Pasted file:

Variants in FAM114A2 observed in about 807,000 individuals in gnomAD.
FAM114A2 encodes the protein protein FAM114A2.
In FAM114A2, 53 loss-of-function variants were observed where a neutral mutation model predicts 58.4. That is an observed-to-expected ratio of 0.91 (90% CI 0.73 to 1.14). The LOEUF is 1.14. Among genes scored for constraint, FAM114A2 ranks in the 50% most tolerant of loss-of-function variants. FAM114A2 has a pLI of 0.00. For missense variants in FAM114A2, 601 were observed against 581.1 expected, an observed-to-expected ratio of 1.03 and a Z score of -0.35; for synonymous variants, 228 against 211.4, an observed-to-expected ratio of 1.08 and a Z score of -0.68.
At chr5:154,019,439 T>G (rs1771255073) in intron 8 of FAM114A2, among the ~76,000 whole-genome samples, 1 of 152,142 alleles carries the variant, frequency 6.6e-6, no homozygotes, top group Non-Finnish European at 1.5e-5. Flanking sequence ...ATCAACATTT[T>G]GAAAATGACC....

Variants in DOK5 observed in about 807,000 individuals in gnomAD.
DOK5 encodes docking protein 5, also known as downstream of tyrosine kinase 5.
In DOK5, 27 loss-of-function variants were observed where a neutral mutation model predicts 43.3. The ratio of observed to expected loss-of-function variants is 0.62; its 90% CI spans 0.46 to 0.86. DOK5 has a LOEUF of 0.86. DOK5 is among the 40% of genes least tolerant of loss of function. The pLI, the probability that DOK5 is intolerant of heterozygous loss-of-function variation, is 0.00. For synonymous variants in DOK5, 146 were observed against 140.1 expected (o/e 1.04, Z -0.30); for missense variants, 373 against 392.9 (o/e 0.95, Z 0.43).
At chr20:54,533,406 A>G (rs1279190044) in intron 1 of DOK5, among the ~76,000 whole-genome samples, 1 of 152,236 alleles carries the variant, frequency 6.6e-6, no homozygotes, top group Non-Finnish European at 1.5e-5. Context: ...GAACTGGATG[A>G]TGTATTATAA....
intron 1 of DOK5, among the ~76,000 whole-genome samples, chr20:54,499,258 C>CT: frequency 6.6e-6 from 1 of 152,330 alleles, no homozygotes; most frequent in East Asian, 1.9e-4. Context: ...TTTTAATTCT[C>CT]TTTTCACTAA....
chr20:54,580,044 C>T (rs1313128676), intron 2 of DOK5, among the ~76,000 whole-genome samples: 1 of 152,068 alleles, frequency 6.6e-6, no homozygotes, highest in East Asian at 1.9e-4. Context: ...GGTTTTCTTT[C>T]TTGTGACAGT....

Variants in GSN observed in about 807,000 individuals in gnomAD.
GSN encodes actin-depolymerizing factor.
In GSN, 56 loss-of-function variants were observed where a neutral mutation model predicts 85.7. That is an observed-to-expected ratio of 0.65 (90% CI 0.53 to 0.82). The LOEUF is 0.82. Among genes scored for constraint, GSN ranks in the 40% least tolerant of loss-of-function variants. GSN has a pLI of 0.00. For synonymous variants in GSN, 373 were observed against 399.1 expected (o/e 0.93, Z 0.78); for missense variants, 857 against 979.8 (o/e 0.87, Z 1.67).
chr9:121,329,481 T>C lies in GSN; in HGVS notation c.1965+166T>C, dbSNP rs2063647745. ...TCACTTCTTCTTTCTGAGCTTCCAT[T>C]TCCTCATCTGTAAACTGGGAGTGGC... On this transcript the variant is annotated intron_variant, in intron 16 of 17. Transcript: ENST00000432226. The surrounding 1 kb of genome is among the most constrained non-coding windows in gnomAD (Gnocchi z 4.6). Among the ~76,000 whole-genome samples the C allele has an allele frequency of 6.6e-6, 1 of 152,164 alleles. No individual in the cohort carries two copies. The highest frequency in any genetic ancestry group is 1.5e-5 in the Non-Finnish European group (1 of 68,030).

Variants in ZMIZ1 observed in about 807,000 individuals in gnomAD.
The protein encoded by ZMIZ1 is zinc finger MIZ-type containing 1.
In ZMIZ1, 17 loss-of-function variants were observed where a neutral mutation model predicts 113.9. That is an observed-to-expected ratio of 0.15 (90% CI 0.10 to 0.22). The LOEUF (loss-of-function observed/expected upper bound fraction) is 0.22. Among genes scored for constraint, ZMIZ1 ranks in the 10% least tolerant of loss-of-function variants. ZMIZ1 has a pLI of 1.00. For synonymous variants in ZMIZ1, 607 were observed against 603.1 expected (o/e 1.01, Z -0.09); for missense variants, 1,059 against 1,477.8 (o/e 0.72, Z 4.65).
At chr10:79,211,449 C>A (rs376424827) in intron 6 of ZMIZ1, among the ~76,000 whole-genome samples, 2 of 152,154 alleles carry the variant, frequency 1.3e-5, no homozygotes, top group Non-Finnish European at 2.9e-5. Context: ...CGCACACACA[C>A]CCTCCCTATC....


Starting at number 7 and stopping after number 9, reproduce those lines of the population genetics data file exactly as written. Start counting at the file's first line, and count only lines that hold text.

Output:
In DOK5, 27 loss-of-function variants were observed where a neutral mutation model predicts 43.3. The ratio of observed to expected loss-of-function variants is 0.62; its 90% CI spans 0.46 to 0.86. DOK5 has a LOEUF of 0.86. DOK5 is among the 40% of genes least tolerant of loss of function. The pLI, the probability that DOK5 is intolerant of heterozygous loss-of-function variation, is 0.00. For synonymous variants in DOK5, 146 were observed against 140.1 expected (o/e 1.04, Z -0.30); for missense variants, 373 against 392.9 (o/e 0.95, Z 0.43).
At chr20:54,533,406 A>G (rs1279190044) in intron 1 of DOK5, among the ~76,000 whole-genome samples, 1 of 152,236 alleles carries the variant, frequency 6.6e-6, no homozygotes, top group Non-Finnish European at 1.5e-5. Context: ...GAACTGGATG[A>G]TGTATTATAA....
intron 1 of DOK5, among the ~76,000 whole-genome samples, chr20:54,499,258 C>CT: frequency 6.6e-6 from 1 of 152,330 alleles, no homozygotes; most frequent in East Asian, 1.9e-4. Context: ...TTTTAATTCT[C>CT]TTTTCACTAA....